The medical decision is just part of life’s equation.
So many people ask me what they should be thinking about when making medical decisions. Whether you are making your own decisions or having to make decisions for others, there is a lot to think about.
Your doctor or your loved one’s doctor will talk to you about the medical aspects of any health-related decision. But that doesn’t mean that you are limited to thinking only about medicine. It may be important to consider the financial costs associated with the treatment plan, if the patient’s religion should play a role in the decision and whether there are cultural issues that come into play. Think about the overall picture of your loved one’s life. In The Caregiver’s Path to Compassionate Decision Making, I offer lists of questions to help you understand the whole picture.
It would be nice for the decision to be as simple as asking, “Will the treatment work and what are the side effects?” But life isn’t that simple. What if you were about to make a medical decision that allowed something to be done to the person’s body that was forbidden by the person’s culture or religion? You might have chosen a certain treatment to save her life, but because the patient received that treatment, she will no longer be able to move on to the hereafter. Yes, the medical decision was a good one, but how the decision will affect the person’s life, based on her personal belief system, was not.
If the person you are making decisions for is very religious, then it would be good to find out if there are any religious rules or values that you should consider in your decision making. I know that when I work with my hospice patients, it is important to know if there are certain rites or blessings that have to be performed before the patient’s death. I don’t have to agree with what the person wants, but if I am the caregiver, then I need to do what I can to make sure the person’s religion or culture is respected. I will need to call in the appropriate religious leader to take care of the spiritual needs of this person. If the person is not religious or spiritual, then you will need to respect this and leave religion out of the decision making process.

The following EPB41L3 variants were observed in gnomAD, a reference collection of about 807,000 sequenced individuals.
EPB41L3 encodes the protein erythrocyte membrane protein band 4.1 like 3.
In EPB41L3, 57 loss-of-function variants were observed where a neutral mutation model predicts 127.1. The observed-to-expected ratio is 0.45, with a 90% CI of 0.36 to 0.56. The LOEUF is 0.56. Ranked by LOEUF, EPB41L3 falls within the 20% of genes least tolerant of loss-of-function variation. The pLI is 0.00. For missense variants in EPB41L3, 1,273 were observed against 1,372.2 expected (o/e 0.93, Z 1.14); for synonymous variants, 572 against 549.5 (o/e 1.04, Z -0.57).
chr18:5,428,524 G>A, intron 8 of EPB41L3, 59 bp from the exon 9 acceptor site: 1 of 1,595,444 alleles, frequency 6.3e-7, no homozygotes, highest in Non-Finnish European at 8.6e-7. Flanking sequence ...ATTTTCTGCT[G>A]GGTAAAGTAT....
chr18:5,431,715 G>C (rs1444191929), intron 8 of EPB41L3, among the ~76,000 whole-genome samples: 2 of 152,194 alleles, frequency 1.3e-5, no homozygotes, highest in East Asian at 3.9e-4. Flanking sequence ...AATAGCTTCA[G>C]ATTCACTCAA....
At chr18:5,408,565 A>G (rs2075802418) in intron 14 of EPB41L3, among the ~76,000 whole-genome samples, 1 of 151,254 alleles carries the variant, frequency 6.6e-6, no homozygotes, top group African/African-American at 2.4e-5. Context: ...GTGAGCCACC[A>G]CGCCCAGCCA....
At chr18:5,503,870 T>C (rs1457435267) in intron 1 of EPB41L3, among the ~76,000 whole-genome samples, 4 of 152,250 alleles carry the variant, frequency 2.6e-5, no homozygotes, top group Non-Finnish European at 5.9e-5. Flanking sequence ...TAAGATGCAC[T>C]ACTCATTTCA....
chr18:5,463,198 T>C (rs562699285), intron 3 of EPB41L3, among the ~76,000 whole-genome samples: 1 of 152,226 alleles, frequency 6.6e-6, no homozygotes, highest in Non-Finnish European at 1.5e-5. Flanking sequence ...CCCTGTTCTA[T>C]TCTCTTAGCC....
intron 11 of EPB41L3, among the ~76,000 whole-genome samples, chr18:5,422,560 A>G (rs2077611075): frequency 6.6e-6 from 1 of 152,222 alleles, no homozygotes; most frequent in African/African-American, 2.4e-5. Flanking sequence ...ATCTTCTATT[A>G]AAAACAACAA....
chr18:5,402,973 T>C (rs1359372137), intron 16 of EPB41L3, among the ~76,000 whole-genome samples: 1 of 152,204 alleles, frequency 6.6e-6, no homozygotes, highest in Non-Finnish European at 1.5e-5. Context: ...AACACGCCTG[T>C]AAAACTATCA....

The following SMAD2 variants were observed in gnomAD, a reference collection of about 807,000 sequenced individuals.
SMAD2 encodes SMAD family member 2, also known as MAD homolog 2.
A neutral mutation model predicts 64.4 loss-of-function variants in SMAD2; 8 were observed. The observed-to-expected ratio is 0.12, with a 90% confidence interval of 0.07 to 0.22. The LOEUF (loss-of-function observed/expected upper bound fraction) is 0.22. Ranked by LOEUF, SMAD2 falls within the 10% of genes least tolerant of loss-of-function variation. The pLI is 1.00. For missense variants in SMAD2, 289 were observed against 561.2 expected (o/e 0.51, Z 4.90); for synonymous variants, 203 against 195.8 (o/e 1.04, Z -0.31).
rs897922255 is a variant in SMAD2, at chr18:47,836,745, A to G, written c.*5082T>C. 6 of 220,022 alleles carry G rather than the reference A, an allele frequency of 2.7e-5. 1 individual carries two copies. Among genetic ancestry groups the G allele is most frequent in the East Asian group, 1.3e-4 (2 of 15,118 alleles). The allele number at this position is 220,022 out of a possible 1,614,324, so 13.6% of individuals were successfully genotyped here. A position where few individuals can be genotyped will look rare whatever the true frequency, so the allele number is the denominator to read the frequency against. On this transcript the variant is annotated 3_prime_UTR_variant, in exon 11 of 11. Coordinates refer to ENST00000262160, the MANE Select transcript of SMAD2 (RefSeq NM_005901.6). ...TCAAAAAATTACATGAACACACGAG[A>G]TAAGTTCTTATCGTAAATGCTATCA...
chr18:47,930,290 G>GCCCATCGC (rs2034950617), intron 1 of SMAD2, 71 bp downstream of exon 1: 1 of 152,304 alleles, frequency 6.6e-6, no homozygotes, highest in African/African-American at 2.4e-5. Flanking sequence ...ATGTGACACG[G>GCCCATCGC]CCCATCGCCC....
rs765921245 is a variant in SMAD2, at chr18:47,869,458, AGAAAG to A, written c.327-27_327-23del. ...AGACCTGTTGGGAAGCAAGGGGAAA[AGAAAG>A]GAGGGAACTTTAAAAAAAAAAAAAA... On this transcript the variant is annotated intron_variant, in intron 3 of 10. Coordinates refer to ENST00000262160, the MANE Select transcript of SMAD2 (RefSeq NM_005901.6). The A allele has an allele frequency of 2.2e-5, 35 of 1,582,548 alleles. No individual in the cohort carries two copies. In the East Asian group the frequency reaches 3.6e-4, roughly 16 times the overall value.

For most people, the financial costs of the medical treatment will need to be considered or you may be putting the person in financial danger. You may be in charge of making only the healthcare decisions, but you should make sure that you or somebody else checks with the insurance company to find out whether or not it will pay for the treatment and to get the proper authorizations. Don’t let a simple mistake like forgetting to call the insurance company to let them know that your loved one was admitted to the hospital put your loved one in financial distress. Making decisions without using the financial questions could bankrupt your loved one. Our goal of protecting the person should include protecting his or her wallet.
For a list of questions you can use when making decisions, go to the resource page and download the list from the excerpts from The Caregiver’s Path to Compassionate Decision Making – Making Choices for Those Who Can’t.
Have a kind and respectful day.